Halfway down South Mountain, in a sharp left turn, Jasper felt the wagon’s traction give way. The iron-rimmed wheels slid on snow and ice and the wagon began to drift sideways toward the edge of the cliff. Jasper risked a quick look and snapped his eyes back to the road in horror. He damned himself for driving too fast in his haste to get away from Hawley’s body. Had he traded a slow, almost certain death in prison for a swift demise not a mile from his liberation?
Jasper yelled, “Yah” and the horses jumped in surprise. He pulled on the wheel brake as he loosened the reins to make the wagon drag against the increased pull of the horses. The wheel moaned as Jasper put all of his weight against the braking lever. Smoke rose from the brake. Just another few seconds.
Jasper steered the horses to the side of the road as they raced onward. The rear wheels spun dangerously close to the edge, spewing up a white curtain as the outside wheels plowed through a foot of virgin snow that no other traveler would have been foolhardy enough to drive through. The added drag of the deeper snow began to work. The wagon stabilized. The horses pulled the wagon out of its skid.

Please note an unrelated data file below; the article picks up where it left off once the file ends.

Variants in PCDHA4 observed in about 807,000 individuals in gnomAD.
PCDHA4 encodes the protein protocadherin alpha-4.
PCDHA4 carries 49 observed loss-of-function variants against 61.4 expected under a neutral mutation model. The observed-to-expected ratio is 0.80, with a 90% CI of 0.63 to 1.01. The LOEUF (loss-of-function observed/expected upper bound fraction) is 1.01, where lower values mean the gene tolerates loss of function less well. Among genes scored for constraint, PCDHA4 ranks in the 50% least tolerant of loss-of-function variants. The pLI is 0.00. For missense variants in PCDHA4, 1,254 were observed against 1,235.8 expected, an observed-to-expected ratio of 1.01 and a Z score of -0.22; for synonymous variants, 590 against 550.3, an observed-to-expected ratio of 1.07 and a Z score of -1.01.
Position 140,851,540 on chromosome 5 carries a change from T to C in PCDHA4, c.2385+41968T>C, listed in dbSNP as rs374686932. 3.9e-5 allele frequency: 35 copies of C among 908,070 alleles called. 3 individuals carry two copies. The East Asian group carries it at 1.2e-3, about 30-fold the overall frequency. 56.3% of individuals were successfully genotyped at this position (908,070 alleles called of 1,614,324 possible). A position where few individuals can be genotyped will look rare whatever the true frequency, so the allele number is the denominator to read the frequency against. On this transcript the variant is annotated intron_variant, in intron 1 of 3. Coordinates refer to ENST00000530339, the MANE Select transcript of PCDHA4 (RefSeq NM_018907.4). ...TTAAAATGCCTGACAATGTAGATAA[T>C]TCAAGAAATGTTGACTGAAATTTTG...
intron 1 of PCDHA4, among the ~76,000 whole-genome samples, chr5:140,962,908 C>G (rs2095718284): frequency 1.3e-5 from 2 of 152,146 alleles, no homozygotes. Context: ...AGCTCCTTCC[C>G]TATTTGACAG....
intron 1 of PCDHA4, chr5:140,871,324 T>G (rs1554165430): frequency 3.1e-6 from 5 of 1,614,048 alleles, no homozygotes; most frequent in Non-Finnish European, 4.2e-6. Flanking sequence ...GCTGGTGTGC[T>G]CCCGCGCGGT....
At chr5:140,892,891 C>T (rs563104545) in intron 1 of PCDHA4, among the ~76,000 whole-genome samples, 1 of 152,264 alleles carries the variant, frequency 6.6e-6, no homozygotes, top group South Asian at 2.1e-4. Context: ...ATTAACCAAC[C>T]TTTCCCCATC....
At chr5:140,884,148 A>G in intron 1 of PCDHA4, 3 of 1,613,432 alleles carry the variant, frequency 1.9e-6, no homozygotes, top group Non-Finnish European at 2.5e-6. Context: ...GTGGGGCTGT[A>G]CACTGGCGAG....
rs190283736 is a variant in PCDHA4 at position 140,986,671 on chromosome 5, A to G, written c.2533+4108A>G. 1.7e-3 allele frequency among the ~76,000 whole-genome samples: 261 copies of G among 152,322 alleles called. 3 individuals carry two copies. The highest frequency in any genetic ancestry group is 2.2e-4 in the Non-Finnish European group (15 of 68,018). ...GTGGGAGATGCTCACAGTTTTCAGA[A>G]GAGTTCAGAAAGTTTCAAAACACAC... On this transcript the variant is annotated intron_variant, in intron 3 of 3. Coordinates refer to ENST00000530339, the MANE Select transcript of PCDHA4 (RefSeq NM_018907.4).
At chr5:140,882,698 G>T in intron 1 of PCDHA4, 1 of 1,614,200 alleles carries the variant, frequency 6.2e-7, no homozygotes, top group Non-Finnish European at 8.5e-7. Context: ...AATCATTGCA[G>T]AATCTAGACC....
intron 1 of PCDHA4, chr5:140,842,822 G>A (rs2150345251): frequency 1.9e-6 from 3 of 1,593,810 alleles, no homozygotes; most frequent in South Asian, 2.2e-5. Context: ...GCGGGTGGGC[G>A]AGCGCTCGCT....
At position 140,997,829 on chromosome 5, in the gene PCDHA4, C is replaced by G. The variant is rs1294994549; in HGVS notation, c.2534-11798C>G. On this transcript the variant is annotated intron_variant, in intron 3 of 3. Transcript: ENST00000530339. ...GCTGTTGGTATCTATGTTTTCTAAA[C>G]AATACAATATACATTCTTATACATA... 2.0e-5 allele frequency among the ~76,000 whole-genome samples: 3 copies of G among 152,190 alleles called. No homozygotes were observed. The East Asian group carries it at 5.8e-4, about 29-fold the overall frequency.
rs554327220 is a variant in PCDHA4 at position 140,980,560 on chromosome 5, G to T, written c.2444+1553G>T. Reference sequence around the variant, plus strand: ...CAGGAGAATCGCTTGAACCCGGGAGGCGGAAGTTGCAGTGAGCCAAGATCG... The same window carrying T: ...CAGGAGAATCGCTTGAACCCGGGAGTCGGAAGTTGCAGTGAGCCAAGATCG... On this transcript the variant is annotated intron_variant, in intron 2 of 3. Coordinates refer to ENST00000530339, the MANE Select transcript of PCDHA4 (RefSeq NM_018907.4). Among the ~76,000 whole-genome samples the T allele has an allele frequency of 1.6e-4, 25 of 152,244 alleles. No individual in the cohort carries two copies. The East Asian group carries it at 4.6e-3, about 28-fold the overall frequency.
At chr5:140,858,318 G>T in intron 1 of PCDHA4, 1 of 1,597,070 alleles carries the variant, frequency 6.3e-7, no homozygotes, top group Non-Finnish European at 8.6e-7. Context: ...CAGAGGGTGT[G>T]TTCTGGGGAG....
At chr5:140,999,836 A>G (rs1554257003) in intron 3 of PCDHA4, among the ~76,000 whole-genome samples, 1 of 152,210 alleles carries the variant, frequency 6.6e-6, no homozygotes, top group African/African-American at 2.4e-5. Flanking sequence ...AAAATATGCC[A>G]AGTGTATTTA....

As the road straightened, Jasper reined in the horses and pulled hard on the wheel brake. He sat puffing in the still air and watched steam rise in lazy tendrils off the backs of the geldings. “Damn, Jasper, this is no way to end it,” he mumbled to himself.